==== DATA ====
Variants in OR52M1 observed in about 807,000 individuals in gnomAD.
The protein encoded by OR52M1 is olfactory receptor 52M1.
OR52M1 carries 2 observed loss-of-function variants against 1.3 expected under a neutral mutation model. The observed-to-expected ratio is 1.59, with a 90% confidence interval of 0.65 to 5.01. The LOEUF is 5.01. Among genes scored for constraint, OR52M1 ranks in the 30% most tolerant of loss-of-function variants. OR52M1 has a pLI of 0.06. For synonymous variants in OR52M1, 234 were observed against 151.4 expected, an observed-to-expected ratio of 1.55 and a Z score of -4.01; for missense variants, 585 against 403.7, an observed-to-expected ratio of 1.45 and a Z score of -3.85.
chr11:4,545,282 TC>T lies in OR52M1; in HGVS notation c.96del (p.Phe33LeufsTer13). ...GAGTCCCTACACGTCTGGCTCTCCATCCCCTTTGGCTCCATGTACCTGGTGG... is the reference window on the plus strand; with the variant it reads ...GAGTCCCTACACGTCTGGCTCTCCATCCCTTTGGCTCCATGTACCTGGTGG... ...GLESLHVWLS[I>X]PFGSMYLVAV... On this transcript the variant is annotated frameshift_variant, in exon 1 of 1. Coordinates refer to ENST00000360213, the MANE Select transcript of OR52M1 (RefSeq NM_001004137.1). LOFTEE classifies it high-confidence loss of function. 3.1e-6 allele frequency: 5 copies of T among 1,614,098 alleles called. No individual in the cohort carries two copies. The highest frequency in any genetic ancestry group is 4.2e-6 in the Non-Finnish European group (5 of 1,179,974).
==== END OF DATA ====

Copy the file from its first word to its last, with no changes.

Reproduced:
Variants in OR52M1 observed in about 807,000 individuals in gnomAD.
The protein encoded by OR52M1 is olfactory receptor 52M1.
OR52M1 carries 2 observed loss-of-function variants against 1.3 expected under a neutral mutation model. The observed-to-expected ratio is 1.59, with a 90% confidence interval of 0.65 to 5.01. The LOEUF is 5.01. Among genes scored for constraint, OR52M1 ranks in the 30% most tolerant of loss-of-function variants. OR52M1 has a pLI of 0.06. For synonymous variants in OR52M1, 234 were observed against 151.4 expected, an observed-to-expected ratio of 1.55 and a Z score of -4.01; for missense variants, 585 against 403.7, an observed-to-expected ratio of 1.45 and a Z score of -3.85.
chr11:4,545,282 TC>T lies in OR52M1; in HGVS notation c.96del (p.Phe33LeufsTer13). ...GAGTCCCTACACGTCTGGCTCTCCATCCCCTTTGGCTCCATGTACCTGGTGG... is the reference window on the plus strand; with the variant it reads ...GAGTCCCTACACGTCTGGCTCTCCATCCCTTTGGCTCCATGTACCTGGTGG... ...GLESLHVWLS[I>X]PFGSMYLVAV... On this transcript the variant is annotated frameshift_variant, in exon 1 of 1. Coordinates refer to ENST00000360213, the MANE Select transcript of OR52M1 (RefSeq NM_001004137.1). LOFTEE classifies it high-confidence loss of function. 3.1e-6 allele frequency: 5 copies of T among 1,614,098 alleles called. No individual in the cohort carries two copies. The highest frequency in any genetic ancestry group is 4.2e-6 in the Non-Finnish European group (5 of 1,179,974).